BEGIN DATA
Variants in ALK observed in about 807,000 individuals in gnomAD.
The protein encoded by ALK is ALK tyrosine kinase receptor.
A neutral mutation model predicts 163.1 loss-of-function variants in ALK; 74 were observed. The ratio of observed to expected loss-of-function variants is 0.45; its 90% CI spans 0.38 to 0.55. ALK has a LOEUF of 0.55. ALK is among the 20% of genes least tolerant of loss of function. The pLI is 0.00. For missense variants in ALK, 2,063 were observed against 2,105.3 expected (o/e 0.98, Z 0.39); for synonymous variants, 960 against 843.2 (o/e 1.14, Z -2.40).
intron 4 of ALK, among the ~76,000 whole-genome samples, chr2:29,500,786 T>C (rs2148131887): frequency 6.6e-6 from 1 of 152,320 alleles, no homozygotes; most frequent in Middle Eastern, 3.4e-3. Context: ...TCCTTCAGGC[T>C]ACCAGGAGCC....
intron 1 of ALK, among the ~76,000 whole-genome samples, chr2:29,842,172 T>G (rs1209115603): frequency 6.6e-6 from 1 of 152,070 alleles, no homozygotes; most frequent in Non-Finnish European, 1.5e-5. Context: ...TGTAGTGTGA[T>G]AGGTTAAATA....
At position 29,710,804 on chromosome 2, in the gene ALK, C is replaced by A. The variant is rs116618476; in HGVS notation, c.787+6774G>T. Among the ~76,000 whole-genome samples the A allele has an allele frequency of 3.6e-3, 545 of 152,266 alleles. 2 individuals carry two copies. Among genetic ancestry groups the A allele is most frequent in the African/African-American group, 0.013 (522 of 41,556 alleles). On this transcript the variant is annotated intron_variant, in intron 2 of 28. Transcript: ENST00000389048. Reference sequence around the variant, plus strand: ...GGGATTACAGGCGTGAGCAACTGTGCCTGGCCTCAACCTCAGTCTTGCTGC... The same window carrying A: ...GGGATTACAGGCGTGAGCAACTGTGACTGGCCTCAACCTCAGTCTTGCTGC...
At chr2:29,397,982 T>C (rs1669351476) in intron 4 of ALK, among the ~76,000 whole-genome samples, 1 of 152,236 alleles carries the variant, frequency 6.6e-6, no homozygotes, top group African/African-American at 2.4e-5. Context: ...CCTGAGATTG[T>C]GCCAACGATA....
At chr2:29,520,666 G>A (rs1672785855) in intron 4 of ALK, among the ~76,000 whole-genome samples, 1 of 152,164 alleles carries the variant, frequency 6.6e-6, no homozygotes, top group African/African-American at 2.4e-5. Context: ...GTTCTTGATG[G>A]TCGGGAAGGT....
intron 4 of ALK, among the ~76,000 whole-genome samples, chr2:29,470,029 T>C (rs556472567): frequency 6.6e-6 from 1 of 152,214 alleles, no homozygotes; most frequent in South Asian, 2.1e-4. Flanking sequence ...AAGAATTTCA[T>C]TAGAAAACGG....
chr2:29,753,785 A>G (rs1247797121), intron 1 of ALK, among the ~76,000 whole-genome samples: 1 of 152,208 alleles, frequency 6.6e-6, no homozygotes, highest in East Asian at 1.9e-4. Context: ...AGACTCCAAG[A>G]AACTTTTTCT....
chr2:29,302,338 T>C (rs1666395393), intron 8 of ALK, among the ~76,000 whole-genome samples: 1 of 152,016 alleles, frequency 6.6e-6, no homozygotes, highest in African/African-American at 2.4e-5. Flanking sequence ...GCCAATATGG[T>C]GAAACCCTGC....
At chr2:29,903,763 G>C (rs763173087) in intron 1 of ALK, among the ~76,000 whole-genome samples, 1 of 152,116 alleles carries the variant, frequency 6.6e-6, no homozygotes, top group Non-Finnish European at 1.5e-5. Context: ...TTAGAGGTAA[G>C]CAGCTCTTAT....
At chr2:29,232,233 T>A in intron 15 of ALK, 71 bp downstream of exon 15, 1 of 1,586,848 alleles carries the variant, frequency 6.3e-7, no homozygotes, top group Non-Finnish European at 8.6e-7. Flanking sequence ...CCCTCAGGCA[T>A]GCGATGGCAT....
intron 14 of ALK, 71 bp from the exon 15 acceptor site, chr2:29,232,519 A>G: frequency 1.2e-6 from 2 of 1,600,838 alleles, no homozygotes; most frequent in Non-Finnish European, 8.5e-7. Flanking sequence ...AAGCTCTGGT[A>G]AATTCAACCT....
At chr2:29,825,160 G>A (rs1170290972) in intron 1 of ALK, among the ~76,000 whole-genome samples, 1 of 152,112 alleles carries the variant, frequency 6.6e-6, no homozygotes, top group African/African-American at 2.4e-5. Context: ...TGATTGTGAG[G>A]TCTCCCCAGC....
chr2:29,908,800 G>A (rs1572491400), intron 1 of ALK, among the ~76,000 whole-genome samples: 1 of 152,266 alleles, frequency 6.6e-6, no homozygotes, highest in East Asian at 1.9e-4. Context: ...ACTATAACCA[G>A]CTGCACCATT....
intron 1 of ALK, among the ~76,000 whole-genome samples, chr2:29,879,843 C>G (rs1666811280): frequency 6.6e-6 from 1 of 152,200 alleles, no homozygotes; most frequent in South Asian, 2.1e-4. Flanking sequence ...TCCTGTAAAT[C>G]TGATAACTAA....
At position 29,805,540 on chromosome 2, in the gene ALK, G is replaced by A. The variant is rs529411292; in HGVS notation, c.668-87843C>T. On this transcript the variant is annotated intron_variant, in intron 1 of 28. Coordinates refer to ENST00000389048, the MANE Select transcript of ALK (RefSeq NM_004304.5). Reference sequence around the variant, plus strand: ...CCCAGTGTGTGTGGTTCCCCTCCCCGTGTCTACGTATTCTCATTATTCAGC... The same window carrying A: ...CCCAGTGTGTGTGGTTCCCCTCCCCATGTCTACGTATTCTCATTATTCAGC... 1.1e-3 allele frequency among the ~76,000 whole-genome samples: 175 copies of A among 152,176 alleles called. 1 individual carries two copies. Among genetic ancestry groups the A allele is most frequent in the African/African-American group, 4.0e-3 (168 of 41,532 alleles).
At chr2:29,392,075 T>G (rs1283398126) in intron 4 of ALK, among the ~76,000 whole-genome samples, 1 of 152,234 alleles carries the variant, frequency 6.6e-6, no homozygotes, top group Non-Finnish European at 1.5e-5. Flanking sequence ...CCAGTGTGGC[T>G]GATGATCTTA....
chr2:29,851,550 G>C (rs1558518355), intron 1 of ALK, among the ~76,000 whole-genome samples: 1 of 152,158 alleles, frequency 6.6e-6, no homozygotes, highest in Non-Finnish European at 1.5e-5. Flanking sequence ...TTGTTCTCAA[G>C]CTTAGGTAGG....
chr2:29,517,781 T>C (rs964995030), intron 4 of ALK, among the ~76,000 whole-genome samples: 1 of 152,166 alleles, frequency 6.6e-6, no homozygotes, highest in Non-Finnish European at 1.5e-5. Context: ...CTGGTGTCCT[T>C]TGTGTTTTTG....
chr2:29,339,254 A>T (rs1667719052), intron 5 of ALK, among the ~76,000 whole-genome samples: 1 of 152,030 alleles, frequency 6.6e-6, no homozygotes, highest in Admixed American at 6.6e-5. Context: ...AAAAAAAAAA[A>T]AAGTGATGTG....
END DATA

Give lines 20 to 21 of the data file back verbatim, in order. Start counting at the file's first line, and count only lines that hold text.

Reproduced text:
chr2:29,851,550 G>C (rs1558518355), intron 1 of ALK, among the ~76,000 whole-genome samples: 1 of 152,158 alleles, frequency 6.6e-6, no homozygotes, highest in Non-Finnish European at 1.5e-5. Flanking sequence ...TTGTTCTCAA[G>C]CTTAGGTAGG....
chr2:29,517,781 T>C (rs964995030), intron 4 of ALK, among the ~76,000 whole-genome samples: 1 of 152,166 alleles, frequency 6.6e-6, no homozygotes, highest in Non-Finnish European at 1.5e-5. Context: ...CTGGTGTCCT[T>C]TGTGTTTTTG....